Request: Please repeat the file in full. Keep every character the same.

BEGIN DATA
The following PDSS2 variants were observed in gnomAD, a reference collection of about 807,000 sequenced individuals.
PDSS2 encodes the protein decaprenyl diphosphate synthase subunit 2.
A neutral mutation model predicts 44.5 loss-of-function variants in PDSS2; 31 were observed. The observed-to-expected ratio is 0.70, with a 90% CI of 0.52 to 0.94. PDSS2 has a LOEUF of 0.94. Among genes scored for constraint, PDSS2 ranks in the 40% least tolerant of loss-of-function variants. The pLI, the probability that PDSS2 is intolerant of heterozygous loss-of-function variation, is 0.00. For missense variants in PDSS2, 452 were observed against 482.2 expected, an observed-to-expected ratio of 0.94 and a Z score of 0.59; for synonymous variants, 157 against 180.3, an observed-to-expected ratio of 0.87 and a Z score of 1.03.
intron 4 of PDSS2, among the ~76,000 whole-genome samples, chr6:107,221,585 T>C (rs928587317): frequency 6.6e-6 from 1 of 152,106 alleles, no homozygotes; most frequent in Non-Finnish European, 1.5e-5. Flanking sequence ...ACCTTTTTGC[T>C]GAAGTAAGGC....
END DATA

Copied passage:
The following PDSS2 variants were observed in gnomAD, a reference collection of about 807,000 sequenced individuals.
PDSS2 encodes the protein decaprenyl diphosphate synthase subunit 2.
A neutral mutation model predicts 44.5 loss-of-function variants in PDSS2; 31 were observed. The observed-to-expected ratio is 0.70, with a 90% CI of 0.52 to 0.94. PDSS2 has a LOEUF of 0.94. Among genes scored for constraint, PDSS2 ranks in the 40% least tolerant of loss-of-function variants. The pLI, the probability that PDSS2 is intolerant of heterozygous loss-of-function variation, is 0.00. For missense variants in PDSS2, 452 were observed against 482.2 expected, an observed-to-expected ratio of 0.94 and a Z score of 0.59; for synonymous variants, 157 against 180.3, an observed-to-expected ratio of 0.87 and a Z score of 1.03.
intron 4 of PDSS2, among the ~76,000 whole-genome samples, chr6:107,221,585 T>C (rs928587317): frequency 6.6e-6 from 1 of 152,106 alleles, no homozygotes; most frequent in Non-Finnish European, 1.5e-5. Flanking sequence ...ACCTTTTTGC[T>C]GAAGTAAGGC....